The late author Michael Crichton’s 2004 book, “State of Fear” – about a conspiracy by Hollywood, environmentalists and academicians to create unnecessary fear among the public about global warming – did not go down well with many on the left. None more than Michael Crowley, then editor of the New Republic, who wrote a scathing review of the book.
Revenge from Crichton was swift, and boy was it sweet! Writing in his 2006 book, “Next”, Crichton caricatured Crowley as a wealthy, spoiled Yale-educated paedophile (aptly named Mick Crowley) with a small penis who rapes his sister-in-law’s two-year-old son.
And as if to drive his point home, Mick Crowley’s character does not play any significant role in the book and neither does he affect the overall plot.
Which brings us to the “small penis” rule – a strategy by authors to avoid libel suits. The “small penis” rule summed up states that a fictional character one is writing about has to bear such close resemblance to the real life person that a reader will instantly make connection between the two, the author will then add an unflattering description: the character has a small penis, has a bad body odour, etc.
Now, rarely will a man, however aggrieved, come to court protesting they have a small penis. Neither would anyone claim the character to whom the bad odour is attributed is them.
To our own beloved Stella Nyanzi: I first met her during the 2015 Writivism festival at the National theater where we hosted her to talk about eroticism in literature. Her panel was a crowd puller and a lovely afternoon interaction it was. Beyond that, I have only followed her Facebook posts – at which point I should admit: I very much loved the imagery in her writings especially the now famous one in which she wants to make love to the president. It was a masterpiece.
More recently, however (starting February 2016, I think), her writing seemed to take a turn for the worst – from literary eroticism to outright slander and abuse. Her choice of victims included Prof. Mamdani, the president, first lady, minister for ethics, among other public officials. The more graphic her writing became, it seems, the more her fan base grew.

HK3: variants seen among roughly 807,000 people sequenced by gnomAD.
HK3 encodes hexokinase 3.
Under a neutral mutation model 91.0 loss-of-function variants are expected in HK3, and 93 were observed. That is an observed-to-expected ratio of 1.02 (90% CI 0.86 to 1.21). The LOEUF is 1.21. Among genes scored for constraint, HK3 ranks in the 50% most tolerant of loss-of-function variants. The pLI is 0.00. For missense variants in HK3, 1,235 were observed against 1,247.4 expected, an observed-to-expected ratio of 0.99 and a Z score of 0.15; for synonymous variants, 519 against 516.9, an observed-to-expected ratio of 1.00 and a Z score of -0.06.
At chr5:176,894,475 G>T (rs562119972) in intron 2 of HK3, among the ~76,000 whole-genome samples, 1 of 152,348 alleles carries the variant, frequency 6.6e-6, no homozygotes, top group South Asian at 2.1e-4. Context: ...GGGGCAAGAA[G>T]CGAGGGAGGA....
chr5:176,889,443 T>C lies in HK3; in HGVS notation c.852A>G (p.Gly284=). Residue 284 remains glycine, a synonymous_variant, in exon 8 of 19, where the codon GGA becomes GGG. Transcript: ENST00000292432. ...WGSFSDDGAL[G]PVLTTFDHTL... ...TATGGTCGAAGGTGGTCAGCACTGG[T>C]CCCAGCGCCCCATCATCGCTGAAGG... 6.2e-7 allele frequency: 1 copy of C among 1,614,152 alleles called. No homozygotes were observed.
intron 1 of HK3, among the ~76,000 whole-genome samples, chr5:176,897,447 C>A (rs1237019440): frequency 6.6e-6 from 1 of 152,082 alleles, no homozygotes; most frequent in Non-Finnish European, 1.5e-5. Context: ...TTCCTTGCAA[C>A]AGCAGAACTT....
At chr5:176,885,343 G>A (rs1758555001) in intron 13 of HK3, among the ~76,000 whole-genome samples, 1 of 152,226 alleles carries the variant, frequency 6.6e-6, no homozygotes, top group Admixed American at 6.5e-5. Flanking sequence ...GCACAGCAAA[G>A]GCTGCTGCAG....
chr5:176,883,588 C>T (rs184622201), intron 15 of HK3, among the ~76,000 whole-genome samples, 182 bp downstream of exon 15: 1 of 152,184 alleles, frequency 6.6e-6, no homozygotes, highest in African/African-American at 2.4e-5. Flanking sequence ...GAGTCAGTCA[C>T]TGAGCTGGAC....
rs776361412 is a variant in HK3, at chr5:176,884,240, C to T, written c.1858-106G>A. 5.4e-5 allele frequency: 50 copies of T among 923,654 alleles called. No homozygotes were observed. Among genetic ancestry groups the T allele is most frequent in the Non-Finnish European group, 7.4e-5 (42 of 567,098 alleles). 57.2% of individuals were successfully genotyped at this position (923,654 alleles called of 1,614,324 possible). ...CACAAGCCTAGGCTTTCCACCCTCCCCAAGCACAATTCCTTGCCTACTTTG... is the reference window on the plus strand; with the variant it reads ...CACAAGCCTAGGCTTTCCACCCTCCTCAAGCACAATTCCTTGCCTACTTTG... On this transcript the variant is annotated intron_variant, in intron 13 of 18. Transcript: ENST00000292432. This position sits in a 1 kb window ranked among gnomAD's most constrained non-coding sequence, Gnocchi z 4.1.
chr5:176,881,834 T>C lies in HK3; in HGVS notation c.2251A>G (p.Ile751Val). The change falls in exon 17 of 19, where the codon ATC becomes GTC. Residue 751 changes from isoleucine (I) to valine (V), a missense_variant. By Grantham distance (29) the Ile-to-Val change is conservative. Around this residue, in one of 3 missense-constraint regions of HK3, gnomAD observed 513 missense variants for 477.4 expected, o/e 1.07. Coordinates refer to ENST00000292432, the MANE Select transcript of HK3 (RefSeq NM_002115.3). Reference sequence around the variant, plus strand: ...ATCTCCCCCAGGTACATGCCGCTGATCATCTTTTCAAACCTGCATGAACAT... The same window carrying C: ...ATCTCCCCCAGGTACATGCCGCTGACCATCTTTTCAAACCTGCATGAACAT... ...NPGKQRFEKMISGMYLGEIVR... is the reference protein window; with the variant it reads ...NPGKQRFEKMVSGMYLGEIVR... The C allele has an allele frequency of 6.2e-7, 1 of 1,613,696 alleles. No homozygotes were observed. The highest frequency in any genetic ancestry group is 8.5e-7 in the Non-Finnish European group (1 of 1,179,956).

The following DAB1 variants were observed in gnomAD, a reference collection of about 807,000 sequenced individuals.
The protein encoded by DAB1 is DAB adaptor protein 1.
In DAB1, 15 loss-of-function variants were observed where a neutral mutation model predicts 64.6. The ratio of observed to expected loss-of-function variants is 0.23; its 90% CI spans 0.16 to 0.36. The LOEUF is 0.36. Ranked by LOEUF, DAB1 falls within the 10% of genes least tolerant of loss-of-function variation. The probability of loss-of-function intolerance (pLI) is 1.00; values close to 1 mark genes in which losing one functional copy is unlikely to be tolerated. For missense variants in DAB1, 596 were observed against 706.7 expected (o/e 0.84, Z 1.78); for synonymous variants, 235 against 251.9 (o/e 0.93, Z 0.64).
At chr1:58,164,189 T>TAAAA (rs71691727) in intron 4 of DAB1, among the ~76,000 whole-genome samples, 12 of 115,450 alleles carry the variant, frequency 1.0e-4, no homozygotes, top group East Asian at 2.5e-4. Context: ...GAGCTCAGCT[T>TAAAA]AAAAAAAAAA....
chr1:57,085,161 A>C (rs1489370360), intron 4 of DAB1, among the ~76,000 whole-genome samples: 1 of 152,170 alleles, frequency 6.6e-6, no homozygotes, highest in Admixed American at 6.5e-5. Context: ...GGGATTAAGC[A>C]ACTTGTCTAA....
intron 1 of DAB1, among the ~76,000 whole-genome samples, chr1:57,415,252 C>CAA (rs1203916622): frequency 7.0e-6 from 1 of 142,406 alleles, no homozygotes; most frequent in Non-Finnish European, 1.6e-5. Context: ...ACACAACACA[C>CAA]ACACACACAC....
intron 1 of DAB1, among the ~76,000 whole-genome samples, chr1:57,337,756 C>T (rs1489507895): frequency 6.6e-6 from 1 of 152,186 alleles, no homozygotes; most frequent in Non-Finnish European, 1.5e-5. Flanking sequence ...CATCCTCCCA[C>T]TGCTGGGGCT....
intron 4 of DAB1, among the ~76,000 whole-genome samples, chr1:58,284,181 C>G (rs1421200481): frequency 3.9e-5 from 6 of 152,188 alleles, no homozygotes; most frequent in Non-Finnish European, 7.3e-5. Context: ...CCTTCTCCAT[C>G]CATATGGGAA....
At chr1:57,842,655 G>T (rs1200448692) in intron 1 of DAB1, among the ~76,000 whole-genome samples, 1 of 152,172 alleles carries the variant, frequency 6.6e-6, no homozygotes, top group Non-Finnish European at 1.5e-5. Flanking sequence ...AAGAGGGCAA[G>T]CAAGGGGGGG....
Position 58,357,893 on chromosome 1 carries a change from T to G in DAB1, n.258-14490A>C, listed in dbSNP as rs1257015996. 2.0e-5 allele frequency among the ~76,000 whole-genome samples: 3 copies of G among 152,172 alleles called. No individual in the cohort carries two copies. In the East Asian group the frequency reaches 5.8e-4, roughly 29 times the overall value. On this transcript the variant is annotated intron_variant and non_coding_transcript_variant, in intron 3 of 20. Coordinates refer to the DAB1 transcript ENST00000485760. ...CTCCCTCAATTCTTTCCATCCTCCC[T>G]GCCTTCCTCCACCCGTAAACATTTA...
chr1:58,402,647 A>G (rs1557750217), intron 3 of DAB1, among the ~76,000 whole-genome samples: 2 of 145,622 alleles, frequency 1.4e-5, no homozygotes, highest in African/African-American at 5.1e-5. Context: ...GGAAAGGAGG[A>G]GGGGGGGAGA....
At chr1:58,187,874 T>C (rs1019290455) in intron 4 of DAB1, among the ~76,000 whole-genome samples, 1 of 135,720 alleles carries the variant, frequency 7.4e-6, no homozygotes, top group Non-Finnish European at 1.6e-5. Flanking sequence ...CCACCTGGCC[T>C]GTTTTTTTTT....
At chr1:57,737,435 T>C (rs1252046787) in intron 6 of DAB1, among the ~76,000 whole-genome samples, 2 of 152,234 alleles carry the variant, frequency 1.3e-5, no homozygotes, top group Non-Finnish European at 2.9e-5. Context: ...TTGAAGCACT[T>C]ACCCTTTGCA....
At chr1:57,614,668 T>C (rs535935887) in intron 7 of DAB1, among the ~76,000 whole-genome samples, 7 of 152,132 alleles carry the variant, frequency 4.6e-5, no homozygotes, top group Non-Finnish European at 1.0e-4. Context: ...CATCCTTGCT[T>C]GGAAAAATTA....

Although a firm believer and advocate of artistic license – literary exaggeration and alteration of conventions of grammar to make a point – I am also skeptical of the Pandora’s box such unrestrained freedom can open.
There is no shortage of literary luminaries who have used the might of the pen to speak truth to power. Names like George Orwell or, closer to home, Wahome Mutahi (he of the famous “Whispers” column) come to mind. Wahome used humour and wit to drive daggers into the heart of the KANU dictatorship. He was jailed, got out and wrote even more scathing, yet humourous, attacks. He did not resort to calling people by their nether regions!
Perhaps the dearth of provocative writers like Wahome (who passed on over a decade ago) explains the rise of voices like Stella’s. Or it’s the changing times. All the same am worried for this dying art form. I see sparks of the same from my friend Jimmy Spire Ssentongo‘s Observer column. Beyond that, there is nothing really.
In closing, there is no doubt in my mind now that the current ruling class is not only devoid of any ideas, it is also allergic to new ones; which explains the anger meted out on Stella and many of her kind. But perhaps more saddening is the lack of imagination, you can say even ideas, in what another friend, Angelo Izama, calls the “waiting room” generation.
That the ideas – if any – informing the current ruling class should be contested is not in doubt, what is is the intelligentsia’s weapon of choice – brawn or brains? Stella seems to have chosen the latter. But we can all join her to do better: we do not have to go to the sewers to reclaim Uganda.